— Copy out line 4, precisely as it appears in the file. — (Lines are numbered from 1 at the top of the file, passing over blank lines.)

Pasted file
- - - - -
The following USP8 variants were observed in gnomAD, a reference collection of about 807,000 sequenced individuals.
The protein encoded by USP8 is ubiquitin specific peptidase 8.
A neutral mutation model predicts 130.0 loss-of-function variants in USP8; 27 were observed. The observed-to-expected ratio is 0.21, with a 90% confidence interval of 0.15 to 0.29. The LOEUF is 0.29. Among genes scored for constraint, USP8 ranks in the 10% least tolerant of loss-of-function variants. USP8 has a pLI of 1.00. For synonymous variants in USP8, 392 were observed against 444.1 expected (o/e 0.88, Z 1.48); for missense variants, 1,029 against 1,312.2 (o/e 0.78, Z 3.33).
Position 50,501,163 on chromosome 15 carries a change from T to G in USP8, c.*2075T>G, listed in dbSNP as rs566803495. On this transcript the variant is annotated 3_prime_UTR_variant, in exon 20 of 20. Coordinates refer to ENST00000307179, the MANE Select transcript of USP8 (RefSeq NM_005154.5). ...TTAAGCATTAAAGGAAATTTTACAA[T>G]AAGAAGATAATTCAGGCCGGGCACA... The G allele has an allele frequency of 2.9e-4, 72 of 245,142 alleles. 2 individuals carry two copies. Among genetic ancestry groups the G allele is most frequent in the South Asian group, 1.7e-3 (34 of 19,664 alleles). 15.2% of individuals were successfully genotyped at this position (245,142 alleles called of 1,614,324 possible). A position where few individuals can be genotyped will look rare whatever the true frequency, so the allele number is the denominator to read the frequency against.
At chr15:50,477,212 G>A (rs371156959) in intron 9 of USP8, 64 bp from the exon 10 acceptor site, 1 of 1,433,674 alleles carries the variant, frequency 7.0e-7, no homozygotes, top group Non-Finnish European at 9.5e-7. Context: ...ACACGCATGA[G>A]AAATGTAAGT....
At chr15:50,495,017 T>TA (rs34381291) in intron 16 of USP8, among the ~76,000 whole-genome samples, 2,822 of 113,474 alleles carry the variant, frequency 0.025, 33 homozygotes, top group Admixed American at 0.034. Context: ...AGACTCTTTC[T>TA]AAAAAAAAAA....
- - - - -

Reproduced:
Position 50,501,163 on chromosome 15 carries a change from T to G in USP8, c.*2075T>G, listed in dbSNP as rs566803495. On this transcript the variant is annotated 3_prime_UTR_variant, in exon 20 of 20. Coordinates refer to ENST00000307179, the MANE Select transcript of USP8 (RefSeq NM_005154.5). ...TTAAGCATTAAAGGAAATTTTACAA[T>G]AAGAAGATAATTCAGGCCGGGCACA... The G allele has an allele frequency of 2.9e-4, 72 of 245,142 alleles. 2 individuals carry two copies. Among genetic ancestry groups the G allele is most frequent in the South Asian group, 1.7e-3 (34 of 19,664 alleles). 15.2% of individuals were successfully genotyped at this position (245,142 alleles called of 1,614,324 possible). A position where few individuals can be genotyped will look rare whatever the true frequency, so the allele number is the denominator to read the frequency against.